An increased risk for the transmission of waterborne diseases may exist in waters with high levels of indicator bacteria, which are associated with fecal contamination [4,10,14,15]. Our results showed that the levels of indicator bacteria in the recreational waters sampled were highly variable between beaches and with the time of the year (Figure 2 and Tables 1 and 2). The high levels of indicator bacteria found in December 2005 in Formosa beach could be due to the intense rainfall that occurred at that time, and the consequent input of run-off from land. This however was not the only factor affecting the water quality of São Roque beach, where the levels of indicator bacteria were above regulatory limits in several occasions, with and without rainfall (Figure 2). The topography of this beach might cause poor water exchange with a consequent decrease in water quality. Nevertheless a significant effect of rainfall on the indicator bacteria levels was found in this beach (Table 2). During rainfall events not only water turbidity might increase due to input of particulate matter from freshwater sources, but also the intense rainfall might lead to an input of untreated sewage into the sea and a consequent rise in indicator bacteria [6,8,16]. Turbidity has shown to influence the coliform levels due to re-suspension of sediment-bound bacteria [17]. Rainfall and storm events are implicated also in re-suspension of bacteria and might explain the high densities observed in December 2006 in Formosa and in April 2007 in Gavinas beach [17-19]. Additionally in temperate-tropical regions, such as Madeira Island, the persistence and re-growth of indicator microbes can contribute to an increase in their numbers [10]. Nevertheless temperature was in some occasions significantly negatively correlated with indicator bacterial levels. In fact increasing temperatures are associated with higher solar radiation exposure, which was proved to affect the survival of indicator bacteria [6,8,10,20,21]. Although no measurements of the levels of solar radiation were done in the present study, our data implied that densities of indicator bacteria for Formosa and Gavinas were generally lower in spring and summer. This, combined with the negative correlation between temperature and indicator bacteria counts, suggested indeed a sensitivity of bacteria to solar radiation, with total coliforms and fecal coliforms been mostly affected, whereas fecal enterococci were less sensitive to solar radiation (Table 2). A number of studies demonstrated that Enterococci were the group with higher resistance to environmental stress [21,22-25]. They may therefore be more suitable as indicators of fecal contamination due to their higher survival in water and their inability of multiplying in polluted waters [26]. The bacterial species found in Formosa and São Roque beaches, suggested fecal and non-fecal pollution, as the identified bacteria are common in the intestines of humans and other animals as well as in the environment. In São Roque beach the relative high percentage of Aeromonas spp (15.9%) could denote an input of freshwater and sewage into this beach [9,27]. In order to determine the real source of these microorganisms, whether they were from human fecal origin, environment or feces of other animals, specific techniques such as ribotyping have been recommended [9] or the choice of alternative indicators such as coliphages [28]. Even so no indicator so far chosen, proved to be perfect for microbial water quality characterization, so that when assessing the quality of waters one has to balance costs, speed and effectiveness of results [3,29]. It is also important to increase the sampling effort, with collection of waters samples in different times of the day, to have a clear picture of the water quality of a given water course, as bacterial counts may change from morning to afternoon due to tidal circulation [12,30].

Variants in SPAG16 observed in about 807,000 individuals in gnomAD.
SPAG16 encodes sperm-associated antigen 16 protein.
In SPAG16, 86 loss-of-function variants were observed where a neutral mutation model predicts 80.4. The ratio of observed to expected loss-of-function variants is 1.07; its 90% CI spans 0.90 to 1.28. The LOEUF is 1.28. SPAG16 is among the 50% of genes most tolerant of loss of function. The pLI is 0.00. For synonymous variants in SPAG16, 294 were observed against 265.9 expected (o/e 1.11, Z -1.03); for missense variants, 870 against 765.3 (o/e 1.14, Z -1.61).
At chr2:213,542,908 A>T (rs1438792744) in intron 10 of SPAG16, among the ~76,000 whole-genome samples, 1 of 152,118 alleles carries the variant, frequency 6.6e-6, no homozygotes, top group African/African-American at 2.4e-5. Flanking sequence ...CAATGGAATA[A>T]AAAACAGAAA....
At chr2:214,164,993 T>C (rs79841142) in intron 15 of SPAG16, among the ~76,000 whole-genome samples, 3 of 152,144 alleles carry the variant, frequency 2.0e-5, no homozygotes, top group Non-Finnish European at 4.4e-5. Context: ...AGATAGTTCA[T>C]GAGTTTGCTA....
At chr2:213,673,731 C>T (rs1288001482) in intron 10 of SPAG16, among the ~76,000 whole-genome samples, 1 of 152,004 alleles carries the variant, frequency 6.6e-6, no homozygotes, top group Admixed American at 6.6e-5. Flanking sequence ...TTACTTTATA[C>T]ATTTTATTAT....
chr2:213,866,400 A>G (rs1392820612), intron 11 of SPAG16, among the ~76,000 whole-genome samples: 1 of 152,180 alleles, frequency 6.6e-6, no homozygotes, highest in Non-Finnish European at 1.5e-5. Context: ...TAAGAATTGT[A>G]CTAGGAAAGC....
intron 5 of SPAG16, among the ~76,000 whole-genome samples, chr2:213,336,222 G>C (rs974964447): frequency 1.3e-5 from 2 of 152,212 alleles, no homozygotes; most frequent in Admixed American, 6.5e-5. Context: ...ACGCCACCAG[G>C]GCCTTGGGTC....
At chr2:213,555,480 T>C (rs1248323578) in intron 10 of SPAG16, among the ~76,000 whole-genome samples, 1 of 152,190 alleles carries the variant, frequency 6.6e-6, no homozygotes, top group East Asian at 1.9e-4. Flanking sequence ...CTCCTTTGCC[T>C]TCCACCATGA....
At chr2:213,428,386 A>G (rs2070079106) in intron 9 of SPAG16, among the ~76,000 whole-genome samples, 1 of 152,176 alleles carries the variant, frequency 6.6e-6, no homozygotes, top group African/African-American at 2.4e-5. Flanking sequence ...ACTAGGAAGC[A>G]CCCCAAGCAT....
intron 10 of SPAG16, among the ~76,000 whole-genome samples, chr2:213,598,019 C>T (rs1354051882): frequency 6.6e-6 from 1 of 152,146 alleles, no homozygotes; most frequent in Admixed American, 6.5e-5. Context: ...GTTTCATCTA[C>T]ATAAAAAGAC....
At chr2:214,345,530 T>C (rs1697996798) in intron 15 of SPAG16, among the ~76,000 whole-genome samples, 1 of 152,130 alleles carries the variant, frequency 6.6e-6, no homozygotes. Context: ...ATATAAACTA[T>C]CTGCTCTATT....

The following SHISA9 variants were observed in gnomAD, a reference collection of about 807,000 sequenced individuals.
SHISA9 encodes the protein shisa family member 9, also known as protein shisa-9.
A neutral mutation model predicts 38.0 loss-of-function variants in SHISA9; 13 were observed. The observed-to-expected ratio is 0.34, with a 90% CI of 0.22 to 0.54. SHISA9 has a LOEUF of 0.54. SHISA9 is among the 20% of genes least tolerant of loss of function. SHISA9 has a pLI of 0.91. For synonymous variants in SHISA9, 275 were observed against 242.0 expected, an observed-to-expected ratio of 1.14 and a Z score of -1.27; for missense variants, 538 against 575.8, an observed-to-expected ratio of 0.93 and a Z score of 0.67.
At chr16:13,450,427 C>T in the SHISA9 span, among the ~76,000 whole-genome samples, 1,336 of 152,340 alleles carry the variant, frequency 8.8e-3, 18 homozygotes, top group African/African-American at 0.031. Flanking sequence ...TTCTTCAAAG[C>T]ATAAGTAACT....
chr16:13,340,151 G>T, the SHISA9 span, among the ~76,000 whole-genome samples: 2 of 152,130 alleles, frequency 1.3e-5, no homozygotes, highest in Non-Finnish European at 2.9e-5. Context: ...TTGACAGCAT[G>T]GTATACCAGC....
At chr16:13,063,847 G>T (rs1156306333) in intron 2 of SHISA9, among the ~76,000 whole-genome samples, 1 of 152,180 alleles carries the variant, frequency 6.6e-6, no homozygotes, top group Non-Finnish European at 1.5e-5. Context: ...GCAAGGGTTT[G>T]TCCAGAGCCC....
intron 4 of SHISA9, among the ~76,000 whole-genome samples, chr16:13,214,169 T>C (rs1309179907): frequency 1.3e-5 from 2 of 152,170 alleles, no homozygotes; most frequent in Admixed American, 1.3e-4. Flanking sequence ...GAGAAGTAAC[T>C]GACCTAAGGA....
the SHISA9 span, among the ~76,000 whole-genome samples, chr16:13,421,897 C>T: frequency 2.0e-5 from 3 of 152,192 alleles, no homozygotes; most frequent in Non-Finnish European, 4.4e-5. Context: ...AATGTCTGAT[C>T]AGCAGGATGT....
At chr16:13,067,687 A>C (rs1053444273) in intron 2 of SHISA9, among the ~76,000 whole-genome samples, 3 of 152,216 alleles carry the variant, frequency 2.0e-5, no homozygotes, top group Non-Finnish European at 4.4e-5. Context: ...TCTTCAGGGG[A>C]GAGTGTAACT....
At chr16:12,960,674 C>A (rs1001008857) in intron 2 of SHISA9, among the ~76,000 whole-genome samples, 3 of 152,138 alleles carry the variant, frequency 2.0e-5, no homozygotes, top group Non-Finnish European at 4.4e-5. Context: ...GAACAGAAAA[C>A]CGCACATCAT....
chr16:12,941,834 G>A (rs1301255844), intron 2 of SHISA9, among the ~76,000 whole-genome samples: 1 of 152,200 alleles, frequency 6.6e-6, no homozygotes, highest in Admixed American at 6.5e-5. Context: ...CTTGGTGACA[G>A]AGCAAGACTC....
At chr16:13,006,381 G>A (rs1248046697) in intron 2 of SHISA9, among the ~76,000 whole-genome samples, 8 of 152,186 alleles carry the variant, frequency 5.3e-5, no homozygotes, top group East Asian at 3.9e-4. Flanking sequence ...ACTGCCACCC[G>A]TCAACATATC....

Conclusions